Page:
How to Make Chinese Soul Food at Home

Hsiao-Ching Chou shares tips and techniques for making Chinese soul feed for the Chinese New Year and beyond, right in your home kitchen.

Kara Rota
2-minute read
Episode #186

chinese sould food cookbook coverAccording to Parade Magazine, Chinese food is the most craved food in the world with more than 76% of Americans eating it regularly. So why do you have to get take-out when it is so easy and inexpensive to make at home? Chinese Soul Food: A Friendly Guide for Homemade Dumplings, Stir-Fries, Soups, and More is a collection of classic comfort food recipes that Chou grew up eating, her family made at their restaurant, and that are straight-forward and easy to make at home. Like the below recipe, perfect for Chinese New Year.

Stir-Fried Noodles with Shrimp and Vegetables


  • ¾ pound dried Chinese noodles
  • ½ pound raw shrimp, peeled and deveined
  • 1 teaspoon soy sauce
  • 2 teaspoons cornstarch

For the sauce:

  • ½ cup water
  • 2 tablespoons soy sauce
  • 1 teaspoon minced fresh ginger
  • 1 stalk green onion, finely chopped
  • 1 large clove garlic, minced
  • 1 tablespoon plus 1 teaspoon vegetable oil, divided
  • 1 stalk green onion, cut into 2-inch segments
  • ½ medium carrot, julienned (about ½ cup)
  • 3 to 4 cups roughly chopped greens, such as baby bok choy, yu choy, or Chinese broccoli
  • ½ teaspoon sesame oil
  • Kosher salt (optional)


  1. Bring a large pot of water to boil over high heat. It’s not necessary to salt the water, since the sauce is quite savory. Add the noodles and cook for 9 to 11 minutes, or until the noodles are soft but not mushy on the outside, and have a little chew on the inside. The cooking time will depend on the thickness of the noodles.
  2. In a small bowl, put the shrimp and the soy sauce, and mix well. Add the cornstarch and mix well again. Set aside.
  3. To make the sauce, in a small bowl, put the water, soy sauce, ginger, onions, and garlic, and stir to combine. Set aside.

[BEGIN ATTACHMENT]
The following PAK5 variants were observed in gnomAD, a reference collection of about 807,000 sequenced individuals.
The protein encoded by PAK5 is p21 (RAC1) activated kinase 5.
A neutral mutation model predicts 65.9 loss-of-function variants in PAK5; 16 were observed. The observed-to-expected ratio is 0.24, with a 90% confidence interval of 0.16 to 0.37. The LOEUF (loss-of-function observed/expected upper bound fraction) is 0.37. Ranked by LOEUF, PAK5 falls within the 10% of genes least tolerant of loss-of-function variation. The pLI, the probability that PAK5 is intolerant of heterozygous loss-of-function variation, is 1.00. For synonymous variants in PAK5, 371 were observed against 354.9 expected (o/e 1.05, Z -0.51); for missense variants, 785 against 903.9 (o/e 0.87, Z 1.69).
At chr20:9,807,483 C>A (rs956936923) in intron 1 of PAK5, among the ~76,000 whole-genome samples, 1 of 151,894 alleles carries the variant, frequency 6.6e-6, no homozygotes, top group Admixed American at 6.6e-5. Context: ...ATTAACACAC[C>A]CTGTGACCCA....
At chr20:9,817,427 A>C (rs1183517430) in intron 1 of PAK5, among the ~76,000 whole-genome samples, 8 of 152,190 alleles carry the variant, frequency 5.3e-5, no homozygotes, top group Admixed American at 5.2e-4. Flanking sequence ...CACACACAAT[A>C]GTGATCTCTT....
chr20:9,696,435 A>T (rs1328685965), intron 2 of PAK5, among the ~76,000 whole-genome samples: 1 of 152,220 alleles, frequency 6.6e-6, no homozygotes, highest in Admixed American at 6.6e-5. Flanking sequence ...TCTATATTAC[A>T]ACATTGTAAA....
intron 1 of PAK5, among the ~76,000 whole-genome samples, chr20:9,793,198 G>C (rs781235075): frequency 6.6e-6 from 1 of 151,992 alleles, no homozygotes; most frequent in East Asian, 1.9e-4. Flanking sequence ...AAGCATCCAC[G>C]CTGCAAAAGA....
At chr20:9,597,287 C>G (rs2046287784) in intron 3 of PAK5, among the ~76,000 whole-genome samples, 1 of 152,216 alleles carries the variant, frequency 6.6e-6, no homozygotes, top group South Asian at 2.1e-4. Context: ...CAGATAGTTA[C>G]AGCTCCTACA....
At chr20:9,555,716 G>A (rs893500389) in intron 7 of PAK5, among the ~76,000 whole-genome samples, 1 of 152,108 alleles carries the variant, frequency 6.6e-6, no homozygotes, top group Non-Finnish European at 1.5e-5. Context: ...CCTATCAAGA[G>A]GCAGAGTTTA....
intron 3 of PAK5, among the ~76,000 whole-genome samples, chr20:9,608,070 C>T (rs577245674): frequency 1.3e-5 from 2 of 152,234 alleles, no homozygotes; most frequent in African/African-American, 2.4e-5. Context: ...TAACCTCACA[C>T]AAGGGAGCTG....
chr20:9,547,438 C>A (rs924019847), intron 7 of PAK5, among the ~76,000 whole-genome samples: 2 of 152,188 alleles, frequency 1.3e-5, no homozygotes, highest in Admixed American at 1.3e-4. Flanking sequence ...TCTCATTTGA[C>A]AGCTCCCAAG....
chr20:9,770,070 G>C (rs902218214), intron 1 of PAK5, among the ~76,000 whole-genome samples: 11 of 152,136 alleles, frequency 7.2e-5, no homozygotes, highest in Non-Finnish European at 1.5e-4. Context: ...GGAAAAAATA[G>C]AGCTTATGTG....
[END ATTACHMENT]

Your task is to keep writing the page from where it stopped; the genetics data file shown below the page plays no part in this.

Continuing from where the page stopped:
4. Drain the noodles and set aside. If you are not using the noodles within 5 minutes, to prevent sticking, add 1 tablespoon oil to the noodles and incorporate with tongs.
  5. Preheat a wok over high heat until wisps of smoke rise from the surface. Add 1 tablespoon of the vegetable oil and heat until it starts to shimmer. Add the shrimp in a single layer to the bowl of the wok and sear for 30 to 40 seconds, or until the shrimp have begun to turn pink. Flip the shrimp and sear for 30 to 40 seconds more. Remove the pan from the heat, transfer the shrimp to a small bowl, and set aside. If there are any charred bits in the wok, gently scrape them out.
  6. Return the wok to the stove over high heat. Add the remaining 1 teaspoon vegetable oil, immediately add the onions, and stir for about 5 seconds to release the aroma. Add the carrots and stir for a few seconds. Add the greens and continue stirring and scooping to mix for about 1 minute. Add the shrimp and the sauce, and stir again to combine. Add the noodles and carefully stir and scoop to mix. It may be helpful to use tongs. Once well combined, drizzle on the sesame oil. Remove the wok from the heat. Add a dash more soy sauce or salt to taste. Serve.

*(c)2018 by Hsiao-Ching Chou. All rights reserved. Excerpted from Chinese Soul Food by permission of Sasquatch Books.

About the Author

Kara Rota

Kara Rota headed children’s programming at Chicago’s Green City Market and studied food politics at Sarah Lawrence College. Kara has been a featured speaker at numerous venues including Food Book Fair, the Roger Smith Food Conference, and the Brooklyn Food Conference. She has written about food for Irish America Magazine, West Side Rag, Recipe Relay, and Food + Tech Connect, and is the former Director of Editorial & Partnerships at Cookstr.com.